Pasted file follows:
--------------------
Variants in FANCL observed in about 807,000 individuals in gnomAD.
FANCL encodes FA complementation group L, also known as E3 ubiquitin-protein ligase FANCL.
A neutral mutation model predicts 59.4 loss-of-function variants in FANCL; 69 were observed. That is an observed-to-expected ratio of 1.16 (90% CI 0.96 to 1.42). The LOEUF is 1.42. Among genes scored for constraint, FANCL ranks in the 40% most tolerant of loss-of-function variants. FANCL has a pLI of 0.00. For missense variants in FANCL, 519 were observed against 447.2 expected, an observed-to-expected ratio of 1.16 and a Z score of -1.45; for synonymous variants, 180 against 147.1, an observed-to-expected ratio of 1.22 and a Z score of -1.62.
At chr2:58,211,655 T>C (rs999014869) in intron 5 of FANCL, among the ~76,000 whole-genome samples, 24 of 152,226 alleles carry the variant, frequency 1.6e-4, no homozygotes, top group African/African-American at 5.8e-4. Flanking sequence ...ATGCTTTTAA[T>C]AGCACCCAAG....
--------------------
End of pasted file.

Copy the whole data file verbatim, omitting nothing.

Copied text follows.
Variants in FANCL observed in about 807,000 individuals in gnomAD.
FANCL encodes FA complementation group L, also known as E3 ubiquitin-protein ligase FANCL.
A neutral mutation model predicts 59.4 loss-of-function variants in FANCL; 69 were observed. That is an observed-to-expected ratio of 1.16 (90% CI 0.96 to 1.42). The LOEUF is 1.42. Among genes scored for constraint, FANCL ranks in the 40% most tolerant of loss-of-function variants. FANCL has a pLI of 0.00. For missense variants in FANCL, 519 were observed against 447.2 expected, an observed-to-expected ratio of 1.16 and a Z score of -1.45; for synonymous variants, 180 against 147.1, an observed-to-expected ratio of 1.22 and a Z score of -1.62.
At chr2:58,211,655 T>C (rs999014869) in intron 5 of FANCL, among the ~76,000 whole-genome samples, 24 of 152,226 alleles carry the variant, frequency 1.6e-4, no homozygotes, top group African/African-American at 5.8e-4. Flanking sequence ...ATGCTTTTAA[T>C]AGCACCCAAG....